By Ben Geman - 01/31/12 09:56 PM EST
Five Senate Democrats are pressing the Securities and Exchange Commission to “resist pressure” to weaken upcoming rules that force oil-and-gas companies to disclose their payments to foreign governments.
Their Jan. 31 letter to the SEC pushes back against a behind-the-scenes oil-industry campaign to delay and soften the regulations, which are required under the sweeping Dodd-Frank financial reform law passed in 2010.
“To accurately reflect the letter and intent of the law, the final rule should apply to all countries and companies with no exemptions,” add the senators, who expressed “concern” that the rules, which were proposed in late 2010, have not yet been finalized.
The Dodd-Frank law requires SEC-listed oil and mining companies to disclose payments to the U.S. and foreign governments.
The provision is aimed at ending the “resource curse” in which some energy- and mineral-rich nations in Africa and elsewhere are plagued by high levels of corruption, conflict and poverty.
The American Petroleum Institute and several of its member companies have been pushing back against the rule, and the powerful trade group argued in a recent letter to the SEC that it should be re-proposed with a revised economic analysis.
The industry believes the regulations will place many companies at a competitive disadvantage when competing for contracts against state-owned or state-controlled firms that would not be captured by the disclosure mandates, such as Russia’s Gazprom and the China National Petroleum Co.
API is seeking provisions in the rule that it says would reduce costs and prevent competitive harm, such as an exemption from the requirements if the disclosure would violate the laws of a host country.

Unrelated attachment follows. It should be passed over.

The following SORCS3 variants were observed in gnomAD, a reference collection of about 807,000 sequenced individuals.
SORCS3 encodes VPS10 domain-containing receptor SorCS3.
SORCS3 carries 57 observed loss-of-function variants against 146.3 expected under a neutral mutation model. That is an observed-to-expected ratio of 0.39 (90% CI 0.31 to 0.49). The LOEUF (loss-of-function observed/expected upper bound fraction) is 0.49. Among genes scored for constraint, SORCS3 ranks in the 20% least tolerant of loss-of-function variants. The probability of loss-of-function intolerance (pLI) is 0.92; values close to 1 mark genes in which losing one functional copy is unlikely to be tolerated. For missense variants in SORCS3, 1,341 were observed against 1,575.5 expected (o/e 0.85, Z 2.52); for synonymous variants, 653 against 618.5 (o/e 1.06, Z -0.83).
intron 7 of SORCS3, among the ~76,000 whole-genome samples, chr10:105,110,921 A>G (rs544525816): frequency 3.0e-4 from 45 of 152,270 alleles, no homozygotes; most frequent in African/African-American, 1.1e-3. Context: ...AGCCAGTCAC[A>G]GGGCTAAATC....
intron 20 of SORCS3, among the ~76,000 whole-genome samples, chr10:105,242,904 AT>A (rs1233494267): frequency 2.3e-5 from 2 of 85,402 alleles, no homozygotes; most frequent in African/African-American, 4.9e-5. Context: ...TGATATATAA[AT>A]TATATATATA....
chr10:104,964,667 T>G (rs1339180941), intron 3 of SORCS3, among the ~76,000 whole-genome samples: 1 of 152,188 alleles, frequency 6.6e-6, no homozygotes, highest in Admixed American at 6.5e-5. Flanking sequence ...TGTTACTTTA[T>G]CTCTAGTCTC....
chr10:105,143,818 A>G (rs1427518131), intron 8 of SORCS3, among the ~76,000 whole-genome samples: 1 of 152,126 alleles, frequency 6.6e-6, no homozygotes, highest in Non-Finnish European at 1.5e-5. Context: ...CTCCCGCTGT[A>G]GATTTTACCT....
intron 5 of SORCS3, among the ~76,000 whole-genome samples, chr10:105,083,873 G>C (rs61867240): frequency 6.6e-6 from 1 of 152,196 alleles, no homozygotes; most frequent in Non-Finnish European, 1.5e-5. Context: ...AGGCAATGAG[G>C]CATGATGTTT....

But the senators warn against crafting the rule in a way that would gut its intent. Here’s more from the Democrats' letter:
The rule should also define the terms “project” and “payment” in ways that do not create reporting loopholes, particularly with regard to the threshold amount for reporting. The SEC should require the compilation of the payment data to be in addition to, and not in lieu of, the data produced by companies. Reporting data that is of high quality, and understandable and usable for investors and the general public is crucial to the efficacy of this section. For this reason, requiring issuers to “file” the Section 1504 disclosures, which would provide investors with a private right of action, would not only complement the SEC’s own enforcement efforts, but would lead to more accurate and reliable data.
Further, any exemptions, including exceptions for conflicting host country laws, would not only encourage other countries to enact laws reducing transparency and start a “race to the bottom,” but would also create a dangerous precedent, by making the U.S. lawmaking process subservient to governments around the world, including dictators who do not share our commitment to transparency, good governance, and the rule of law. Such an exemption would not only distort the plain meaning of the law, but would also undermine the Congressional intent and the spirit of Section 1504.
The senators are asking SEC Chairwoman Mary Schapiro for an update in the next two weeks on the “timing sand expected parameters” of the final rule. The letter was also sent to the other SEC commissioners.